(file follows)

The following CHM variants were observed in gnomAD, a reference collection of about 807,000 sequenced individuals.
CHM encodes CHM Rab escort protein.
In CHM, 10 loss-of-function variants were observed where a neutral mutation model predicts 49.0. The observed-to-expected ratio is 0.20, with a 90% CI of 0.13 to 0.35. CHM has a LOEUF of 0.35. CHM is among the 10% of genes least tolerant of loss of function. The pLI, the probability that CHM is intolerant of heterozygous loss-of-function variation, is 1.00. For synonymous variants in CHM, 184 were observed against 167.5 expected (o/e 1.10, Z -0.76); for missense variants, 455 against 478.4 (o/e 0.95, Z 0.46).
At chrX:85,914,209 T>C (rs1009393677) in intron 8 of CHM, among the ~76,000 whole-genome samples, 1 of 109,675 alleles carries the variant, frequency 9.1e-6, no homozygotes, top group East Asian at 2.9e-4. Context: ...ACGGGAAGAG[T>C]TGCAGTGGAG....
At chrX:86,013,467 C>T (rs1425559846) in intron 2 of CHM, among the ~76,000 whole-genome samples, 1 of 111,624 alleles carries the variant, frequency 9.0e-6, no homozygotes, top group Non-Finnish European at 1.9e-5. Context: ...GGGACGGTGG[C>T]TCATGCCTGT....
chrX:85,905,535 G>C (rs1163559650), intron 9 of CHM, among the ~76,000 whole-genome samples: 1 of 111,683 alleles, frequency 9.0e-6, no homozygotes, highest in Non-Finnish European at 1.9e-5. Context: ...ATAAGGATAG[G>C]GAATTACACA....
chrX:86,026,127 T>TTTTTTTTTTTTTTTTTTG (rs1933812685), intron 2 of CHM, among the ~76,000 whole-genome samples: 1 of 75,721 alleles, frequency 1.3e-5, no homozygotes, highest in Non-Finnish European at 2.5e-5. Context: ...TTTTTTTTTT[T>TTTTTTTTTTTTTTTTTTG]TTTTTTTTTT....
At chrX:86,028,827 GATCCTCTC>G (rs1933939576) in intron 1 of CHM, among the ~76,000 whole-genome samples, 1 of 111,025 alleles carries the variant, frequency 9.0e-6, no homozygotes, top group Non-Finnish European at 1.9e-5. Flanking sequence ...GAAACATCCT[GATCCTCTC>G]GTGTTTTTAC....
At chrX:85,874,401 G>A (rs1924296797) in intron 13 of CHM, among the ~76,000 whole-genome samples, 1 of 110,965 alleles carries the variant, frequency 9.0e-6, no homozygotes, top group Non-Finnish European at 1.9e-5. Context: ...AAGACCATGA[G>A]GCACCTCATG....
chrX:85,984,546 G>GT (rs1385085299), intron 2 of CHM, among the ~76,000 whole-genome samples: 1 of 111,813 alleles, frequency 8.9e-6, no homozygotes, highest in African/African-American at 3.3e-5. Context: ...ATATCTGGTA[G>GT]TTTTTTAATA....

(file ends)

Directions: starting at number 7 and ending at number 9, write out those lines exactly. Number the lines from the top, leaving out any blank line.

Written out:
chrX:86,026,127 T>TTTTTTTTTTTTTTTTTTG (rs1933812685), intron 2 of CHM, among the ~76,000 whole-genome samples: 1 of 75,721 alleles, frequency 1.3e-5, no homozygotes, highest in Non-Finnish European at 2.5e-5. Context: ...TTTTTTTTTT[T>TTTTTTTTTTTTTTTTTTG]TTTTTTTTTT....
At chrX:86,028,827 GATCCTCTC>G (rs1933939576) in intron 1 of CHM, among the ~76,000 whole-genome samples, 1 of 111,025 alleles carries the variant, frequency 9.0e-6, no homozygotes, top group Non-Finnish European at 1.9e-5. Flanking sequence ...GAAACATCCT[GATCCTCTC>G]GTGTTTTTAC....
At chrX:85,874,401 G>A (rs1924296797) in intron 13 of CHM, among the ~76,000 whole-genome samples, 1 of 110,965 alleles carries the variant, frequency 9.0e-6, no homozygotes, top group Non-Finnish European at 1.9e-5. Context: ...AAGACCATGA[G>A]GCACCTCATG....